Making children aware of road safety from a very young age is important. Roads are busy and unpredictable. Trying to navigate your way through cars, cyclists and pedestrians can be confusing and somewhat daunting. Making sure that everyone uses the roads in a safe manner and abides by the stipulated rules is paramount to ensure everyone’s safety.
So as parents, what can you do to teach your children about road safety in a fun, engaging way?
Talk to Your Children
Whenever you are walking to the park, or driving to school, talk to your children about road safety. Even the simplest repetitions will soon become integrated into their natural thinking process.
- “We always look left and right before crossing a road”
- “Always hold my hand when we walk anywhere”
- “Seat belts keep you safe”
Remember to always say these phrases in a positive way. “Seat belts keep you safe” will be articulated in a child’s mind in a very different way to: “You must wear your seat belt because I said so”.
Be a Good Role Model
Teaching your children road safety means always being a good role model for what safe looks like. Children learn a lot from what they view their parents doing on a daily basis. You cannot insist that your child needs to wear their safety belt when you don’t wear yours. And being too busy or too late to practice good road safety is never an acceptable excuse. Children will very quickly realise that what you are saying is not aligned with what you are doing. And please parents, don’t use your cell phone while driving. Not only does this convey a negative message about being safe on the roads, but it places your family in unnecessary risk.
Teach Them the Signs
Helping children to recognise and understand the various road signs from a young age will make them more aware to be on the lookout for them when they start to cycle to school independently and one day drive their own car. It is also a fun way to engage with your child. You can make a game out of it so they begin to form a positive perception of road signs. The last thing we want is rebellious teenagers who view road signs as a way to be defiant. Road rules need to be respected and adhered to at all times. Road signs serve as warnings of any potential hazards that are approaching, so teaching children to actively look for these signs will equip them to use the roads in a safe and protected way.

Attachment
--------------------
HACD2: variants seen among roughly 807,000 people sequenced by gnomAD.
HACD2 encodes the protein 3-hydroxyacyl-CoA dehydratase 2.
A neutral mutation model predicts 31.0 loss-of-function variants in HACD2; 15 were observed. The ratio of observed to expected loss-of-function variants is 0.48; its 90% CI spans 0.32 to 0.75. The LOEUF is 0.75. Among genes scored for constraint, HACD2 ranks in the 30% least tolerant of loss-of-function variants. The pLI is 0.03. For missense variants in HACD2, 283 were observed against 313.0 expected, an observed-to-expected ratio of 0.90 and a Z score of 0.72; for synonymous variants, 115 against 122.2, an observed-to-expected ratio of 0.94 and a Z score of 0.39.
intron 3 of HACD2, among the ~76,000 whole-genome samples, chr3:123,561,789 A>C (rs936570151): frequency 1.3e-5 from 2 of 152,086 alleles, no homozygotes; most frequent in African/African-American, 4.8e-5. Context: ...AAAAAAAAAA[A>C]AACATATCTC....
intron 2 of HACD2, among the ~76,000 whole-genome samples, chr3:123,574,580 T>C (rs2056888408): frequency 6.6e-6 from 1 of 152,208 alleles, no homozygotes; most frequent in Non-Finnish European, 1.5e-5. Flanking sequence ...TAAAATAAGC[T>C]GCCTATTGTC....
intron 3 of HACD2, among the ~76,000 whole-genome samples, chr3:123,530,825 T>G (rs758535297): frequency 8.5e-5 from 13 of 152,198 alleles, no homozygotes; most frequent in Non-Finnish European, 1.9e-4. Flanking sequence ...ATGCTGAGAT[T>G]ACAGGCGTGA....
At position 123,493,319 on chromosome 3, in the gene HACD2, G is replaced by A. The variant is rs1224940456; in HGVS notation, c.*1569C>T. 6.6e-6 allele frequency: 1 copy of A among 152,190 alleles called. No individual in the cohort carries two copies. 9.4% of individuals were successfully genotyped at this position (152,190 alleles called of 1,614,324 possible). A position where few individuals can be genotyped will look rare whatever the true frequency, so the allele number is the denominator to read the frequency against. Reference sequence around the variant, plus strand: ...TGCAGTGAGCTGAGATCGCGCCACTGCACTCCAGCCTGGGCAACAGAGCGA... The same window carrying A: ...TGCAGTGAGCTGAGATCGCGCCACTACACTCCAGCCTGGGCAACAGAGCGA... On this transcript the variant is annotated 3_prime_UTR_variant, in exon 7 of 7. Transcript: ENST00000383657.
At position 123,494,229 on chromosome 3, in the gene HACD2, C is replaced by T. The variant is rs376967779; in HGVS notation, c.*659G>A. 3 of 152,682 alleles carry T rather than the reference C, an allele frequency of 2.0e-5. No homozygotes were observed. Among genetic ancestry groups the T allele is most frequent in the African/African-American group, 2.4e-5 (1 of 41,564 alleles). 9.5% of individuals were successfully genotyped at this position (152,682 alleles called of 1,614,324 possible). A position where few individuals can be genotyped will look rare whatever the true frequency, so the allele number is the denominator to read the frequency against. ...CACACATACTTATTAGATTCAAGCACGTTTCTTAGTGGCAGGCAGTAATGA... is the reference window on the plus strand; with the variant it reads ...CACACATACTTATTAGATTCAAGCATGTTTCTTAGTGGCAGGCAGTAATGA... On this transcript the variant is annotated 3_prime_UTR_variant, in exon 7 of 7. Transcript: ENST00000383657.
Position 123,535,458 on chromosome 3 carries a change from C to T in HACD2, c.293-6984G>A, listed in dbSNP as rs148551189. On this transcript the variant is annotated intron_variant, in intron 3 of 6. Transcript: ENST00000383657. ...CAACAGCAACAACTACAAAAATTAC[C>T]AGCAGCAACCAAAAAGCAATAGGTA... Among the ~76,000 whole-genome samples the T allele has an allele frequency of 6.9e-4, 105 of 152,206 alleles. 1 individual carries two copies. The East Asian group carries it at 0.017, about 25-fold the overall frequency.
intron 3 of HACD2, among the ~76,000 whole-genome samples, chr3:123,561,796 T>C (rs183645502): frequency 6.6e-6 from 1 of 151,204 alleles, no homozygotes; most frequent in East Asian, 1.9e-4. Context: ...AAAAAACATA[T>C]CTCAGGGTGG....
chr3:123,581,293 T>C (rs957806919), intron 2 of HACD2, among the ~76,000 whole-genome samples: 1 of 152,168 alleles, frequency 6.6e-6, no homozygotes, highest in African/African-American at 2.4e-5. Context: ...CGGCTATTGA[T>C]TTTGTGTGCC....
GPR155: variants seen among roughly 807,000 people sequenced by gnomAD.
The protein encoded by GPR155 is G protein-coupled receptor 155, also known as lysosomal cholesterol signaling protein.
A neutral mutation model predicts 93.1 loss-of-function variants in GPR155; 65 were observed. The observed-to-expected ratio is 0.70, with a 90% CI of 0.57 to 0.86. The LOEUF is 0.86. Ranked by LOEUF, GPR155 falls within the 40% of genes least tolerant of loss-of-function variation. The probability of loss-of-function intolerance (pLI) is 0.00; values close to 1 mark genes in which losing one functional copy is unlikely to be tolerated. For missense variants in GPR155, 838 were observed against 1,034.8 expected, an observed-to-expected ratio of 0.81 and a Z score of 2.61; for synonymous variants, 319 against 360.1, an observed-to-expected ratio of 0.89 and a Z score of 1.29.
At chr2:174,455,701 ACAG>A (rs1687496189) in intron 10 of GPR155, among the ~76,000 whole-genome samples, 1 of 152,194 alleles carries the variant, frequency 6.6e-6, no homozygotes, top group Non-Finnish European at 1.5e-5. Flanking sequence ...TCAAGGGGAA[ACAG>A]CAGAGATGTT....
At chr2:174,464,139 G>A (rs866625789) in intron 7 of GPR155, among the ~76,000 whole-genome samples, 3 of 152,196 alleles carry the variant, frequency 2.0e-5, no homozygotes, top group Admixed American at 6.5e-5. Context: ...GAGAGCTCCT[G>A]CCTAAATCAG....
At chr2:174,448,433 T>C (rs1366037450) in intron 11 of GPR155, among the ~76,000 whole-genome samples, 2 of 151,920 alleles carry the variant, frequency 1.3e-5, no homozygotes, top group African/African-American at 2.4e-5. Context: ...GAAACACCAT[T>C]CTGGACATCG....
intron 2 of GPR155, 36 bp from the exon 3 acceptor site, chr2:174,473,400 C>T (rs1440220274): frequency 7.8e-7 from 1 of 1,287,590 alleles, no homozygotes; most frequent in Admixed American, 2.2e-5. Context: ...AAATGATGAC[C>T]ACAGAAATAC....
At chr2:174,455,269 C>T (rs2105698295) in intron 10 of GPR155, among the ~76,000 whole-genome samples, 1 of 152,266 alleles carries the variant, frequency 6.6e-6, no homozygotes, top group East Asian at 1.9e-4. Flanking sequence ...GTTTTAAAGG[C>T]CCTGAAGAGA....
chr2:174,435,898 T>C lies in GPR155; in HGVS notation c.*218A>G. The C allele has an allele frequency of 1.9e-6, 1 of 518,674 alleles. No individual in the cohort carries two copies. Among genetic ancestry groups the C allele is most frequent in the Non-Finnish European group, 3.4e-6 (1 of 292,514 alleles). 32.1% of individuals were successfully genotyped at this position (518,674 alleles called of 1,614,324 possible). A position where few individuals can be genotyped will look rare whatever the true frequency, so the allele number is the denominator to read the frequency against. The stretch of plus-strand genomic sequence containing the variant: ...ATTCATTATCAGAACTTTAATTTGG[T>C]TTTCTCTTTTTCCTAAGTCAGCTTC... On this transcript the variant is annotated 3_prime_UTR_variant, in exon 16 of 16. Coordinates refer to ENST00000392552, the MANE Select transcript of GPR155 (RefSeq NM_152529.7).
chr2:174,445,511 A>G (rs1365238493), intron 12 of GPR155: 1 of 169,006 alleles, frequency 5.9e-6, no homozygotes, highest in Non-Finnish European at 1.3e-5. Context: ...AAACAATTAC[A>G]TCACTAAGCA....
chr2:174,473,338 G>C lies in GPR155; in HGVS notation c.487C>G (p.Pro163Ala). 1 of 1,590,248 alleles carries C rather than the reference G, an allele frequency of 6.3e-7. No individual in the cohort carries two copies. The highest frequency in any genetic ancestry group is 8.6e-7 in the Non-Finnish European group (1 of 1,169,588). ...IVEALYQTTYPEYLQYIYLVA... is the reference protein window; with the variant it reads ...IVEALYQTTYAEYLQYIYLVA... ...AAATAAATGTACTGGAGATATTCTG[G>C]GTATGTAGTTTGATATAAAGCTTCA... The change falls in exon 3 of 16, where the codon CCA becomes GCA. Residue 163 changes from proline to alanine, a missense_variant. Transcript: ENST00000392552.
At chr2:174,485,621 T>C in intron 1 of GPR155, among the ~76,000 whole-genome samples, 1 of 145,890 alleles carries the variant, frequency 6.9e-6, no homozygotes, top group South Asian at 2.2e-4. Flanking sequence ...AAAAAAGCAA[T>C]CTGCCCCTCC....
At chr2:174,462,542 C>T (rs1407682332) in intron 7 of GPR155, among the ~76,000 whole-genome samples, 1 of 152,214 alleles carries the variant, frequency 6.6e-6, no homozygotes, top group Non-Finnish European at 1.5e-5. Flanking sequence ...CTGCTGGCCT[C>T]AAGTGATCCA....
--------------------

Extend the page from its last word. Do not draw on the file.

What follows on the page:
Yes, these can be extremely annoying once they’re stuck in your head all day at the office, but they are a fun way for young children to learn about and remember road safety rules. Songs for Teaching has a great variety of safety songs for children.
It is very important to remember that while children may insist that they know what you’ve drummed into them, they are still young, and therefore have not yet developed the critical cognitive skills needed to always keep them safe in an unexpected situation. Similarly, children tend to get easily distracted and are more focused on their toy than where their toy is. What does this mean? If a child is bouncing their ball in the driveway, and the ball bounces into the road, the child’s primary focus is the ball – not the potential hazards that may prevent him from safely fetching his ball. As parents, it is critical that we always remember this.
An 8-year old child will effortlessly recite the road rules to you and possibly get irritated with your constant nagging about their knowledge of road safety. But just because they are able to provide you with all the theoretical proof that they have heard and absorbed everything you have taught them, it does not automatically mean that they will know how to transfer that knowledge into a practical application. Young children are also not able to accurately determine the speed of an approaching vehicle, nor are they able to cope with sudden, unexpected changes in traffic conditions.
Teach your children how to be safe on the roads from a very young age. It is important to always teach them in a way that that promotes awareness and caution; not in a way that instils fear. We do not want our children to grow into adults that feel reluctant to drive and constantly anticipate accidents. Instead, we want to raise empowered and independent people who know how to effectively use the roads in a safe manner.